The F1/F2 Incentive are two streams of the same incentive. Both streams allow you (as a producer) to raise half of your production budget from Fiji investors. The Fiji Government incentivizes Fiji investors to invest in half (i.e. 46.5%) of the production budget for your film by offering them a tax deduction of 150 percent (for F1 Incentive) or 125 percent (for F2 Incentive). To qualify for F1, at least 50 percent of the running time of the end product film must show Fiji as Fiji. For F2, there is no requirement to show Fiji as Fiji.

Film Tax Rebate is a cash subsidy offered to fully funded productions that come to Fiji to film. The rebate is 47% of the Qualifying Fiji Production Expenditure (QFPE). The rebate is paid by the Fiji Government after a production is complete.

There are some fundamental rebate requirements, including: The Production Company must have a minimum Qualifying Fiji Production Expenditure of F$250,000 in Fiji; The film must not be culturally derogative in its portrayal of Fiji; The Production Company must ensure that the total productions budget is deposited in a Fiji bank account before production commences in Fiji; The Production Company must engage the services of Fiji citizens in the movie production; The Rebate will only be payable upon release of the film. The conditions for the release of the film are that the film is released in at least three other Countries; and the film is released in a prominent and internationally recognized cinema.

Full details of the filmmakers’ rebates are available at Film Fiji’s website at:


Enquiries welcome:

We welcome expressions of interest from experienced producers interested in the Lead Producer role on this film and also from A-List directors interested in helming this production.


Product Details


——————— Morcan Motion Pictures ——————— 

Our British thriller movie SILENT FEAR, to be shot in London in 2015, features this week in IF Magazine, the Down Under film industry chronicle. It highlights the recent attachment of Australian director Antony J. Bowman to helm the production.

Antony J. Bowman's primary photo

Director Antony J. Bowman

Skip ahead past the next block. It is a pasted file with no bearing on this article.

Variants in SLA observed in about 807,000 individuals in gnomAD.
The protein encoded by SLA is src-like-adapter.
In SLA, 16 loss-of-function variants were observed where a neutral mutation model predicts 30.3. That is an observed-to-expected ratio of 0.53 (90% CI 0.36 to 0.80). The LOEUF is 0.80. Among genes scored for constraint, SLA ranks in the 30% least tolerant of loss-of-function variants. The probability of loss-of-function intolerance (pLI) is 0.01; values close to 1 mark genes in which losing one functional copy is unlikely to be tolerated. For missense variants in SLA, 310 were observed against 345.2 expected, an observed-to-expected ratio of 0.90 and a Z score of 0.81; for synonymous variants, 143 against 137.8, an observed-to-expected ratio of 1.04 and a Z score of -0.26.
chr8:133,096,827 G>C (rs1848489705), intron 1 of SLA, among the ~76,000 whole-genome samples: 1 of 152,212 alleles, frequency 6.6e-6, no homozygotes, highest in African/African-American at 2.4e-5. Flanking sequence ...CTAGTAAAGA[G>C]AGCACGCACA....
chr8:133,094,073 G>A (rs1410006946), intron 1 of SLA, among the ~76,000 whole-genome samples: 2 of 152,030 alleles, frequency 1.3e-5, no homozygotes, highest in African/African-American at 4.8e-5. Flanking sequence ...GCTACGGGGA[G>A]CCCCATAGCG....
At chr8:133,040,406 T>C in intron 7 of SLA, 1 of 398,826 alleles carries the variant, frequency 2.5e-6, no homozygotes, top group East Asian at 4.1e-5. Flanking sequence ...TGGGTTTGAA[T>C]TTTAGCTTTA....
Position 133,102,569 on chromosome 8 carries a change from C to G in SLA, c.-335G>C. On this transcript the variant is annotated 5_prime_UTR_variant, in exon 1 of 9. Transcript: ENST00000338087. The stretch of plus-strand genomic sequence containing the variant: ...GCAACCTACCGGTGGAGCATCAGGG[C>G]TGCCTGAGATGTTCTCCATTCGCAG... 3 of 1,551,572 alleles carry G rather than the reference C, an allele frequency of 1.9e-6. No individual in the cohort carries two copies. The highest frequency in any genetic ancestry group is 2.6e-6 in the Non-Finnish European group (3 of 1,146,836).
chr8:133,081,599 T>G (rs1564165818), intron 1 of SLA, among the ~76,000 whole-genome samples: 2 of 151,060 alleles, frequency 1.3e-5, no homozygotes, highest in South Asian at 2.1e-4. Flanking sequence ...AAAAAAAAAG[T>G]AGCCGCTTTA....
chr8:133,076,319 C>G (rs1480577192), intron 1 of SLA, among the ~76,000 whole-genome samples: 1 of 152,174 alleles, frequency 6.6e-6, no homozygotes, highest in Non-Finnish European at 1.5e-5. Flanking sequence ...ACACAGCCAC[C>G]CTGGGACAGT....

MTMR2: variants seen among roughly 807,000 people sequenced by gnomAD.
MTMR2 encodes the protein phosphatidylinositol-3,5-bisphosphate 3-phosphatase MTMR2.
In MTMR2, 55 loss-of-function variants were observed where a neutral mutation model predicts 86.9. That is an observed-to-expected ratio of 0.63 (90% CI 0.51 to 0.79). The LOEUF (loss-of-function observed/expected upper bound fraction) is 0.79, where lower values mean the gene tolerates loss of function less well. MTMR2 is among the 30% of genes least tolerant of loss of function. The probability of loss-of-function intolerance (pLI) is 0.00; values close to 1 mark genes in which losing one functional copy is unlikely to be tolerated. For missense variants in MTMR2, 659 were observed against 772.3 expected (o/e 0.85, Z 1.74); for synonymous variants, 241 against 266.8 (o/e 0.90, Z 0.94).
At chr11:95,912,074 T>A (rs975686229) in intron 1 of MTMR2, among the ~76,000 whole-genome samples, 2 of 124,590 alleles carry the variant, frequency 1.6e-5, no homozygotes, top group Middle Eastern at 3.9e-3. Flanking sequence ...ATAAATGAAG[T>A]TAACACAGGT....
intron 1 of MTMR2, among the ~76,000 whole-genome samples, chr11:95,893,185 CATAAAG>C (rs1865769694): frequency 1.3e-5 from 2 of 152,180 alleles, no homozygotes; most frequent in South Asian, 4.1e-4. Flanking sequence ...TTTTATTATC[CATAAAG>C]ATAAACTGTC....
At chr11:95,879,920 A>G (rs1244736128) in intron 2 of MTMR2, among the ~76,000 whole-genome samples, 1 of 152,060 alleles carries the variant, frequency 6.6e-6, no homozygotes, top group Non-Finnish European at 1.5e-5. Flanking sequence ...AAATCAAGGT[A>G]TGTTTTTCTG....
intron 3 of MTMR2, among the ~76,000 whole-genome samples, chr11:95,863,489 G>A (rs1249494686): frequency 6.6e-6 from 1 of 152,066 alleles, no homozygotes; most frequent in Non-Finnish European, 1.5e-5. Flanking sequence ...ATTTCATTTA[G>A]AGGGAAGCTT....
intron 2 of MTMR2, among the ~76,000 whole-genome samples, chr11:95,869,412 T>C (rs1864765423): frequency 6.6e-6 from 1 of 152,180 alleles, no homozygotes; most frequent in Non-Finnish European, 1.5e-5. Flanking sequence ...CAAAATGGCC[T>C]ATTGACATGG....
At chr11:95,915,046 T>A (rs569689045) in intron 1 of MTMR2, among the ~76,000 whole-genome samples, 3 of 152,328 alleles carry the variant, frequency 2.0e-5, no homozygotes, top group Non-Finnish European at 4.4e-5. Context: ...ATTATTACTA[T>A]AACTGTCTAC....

The article, by IF Magazine columnist Don Groves, follows (unabridged):


Aussie director attached to London-set thriller

[Fri 18/07/2014 4:32 PM]

By Don Groves

Antony J. Bowman is attached to direct Silent Fear, a London-set thriller which will star Kevin Sorbo.

It’s the first feature from New Zealand producers Ronel Schodt, managing director of Shotz Productions, and Brent Macpherson of Stretch Productions, through their Stretch Motion Pictures.

In an unusual twist, the female protagonist is fluent in sign language, and Macpherson is a Deaf director.

The plot revolves around Valerie Crowther (yet to be cast), a Scotland Yard detective whose mother was Deaf. Valerie is assigned to investigate the murder of a student at London’s Wandsworth University, a learning institution for the Deaf.

Sorbo will play Detective Chief Superintendent Mark Bennett, who is her ex-husband, meaning they have a difficult working relationship. Valerie’s arrival at Wandsworth University coincides with the death of a student from a deadly flu virus as the government closes the borders to prevent the entry of the virus which has caused tens of thousands of deaths elsewhere.

The screenplay is by Kiwi-born, Sydney-based writer/actor James Morcan and his father Lance Morcan. James Morcan suggested the producers hire Bowman, who directed Paperback Hero and now works in the US and UK.

His most recent feature was Almost Broadway, a drama about a group of struggling actors in New York who capitalise on their friend’s unexpected possession of an incriminating sex tape, which starred Cameron Daddo, Ella Bowman, Bernard Curry, Taryn Manning, Dov Davidoff and Currie Graham.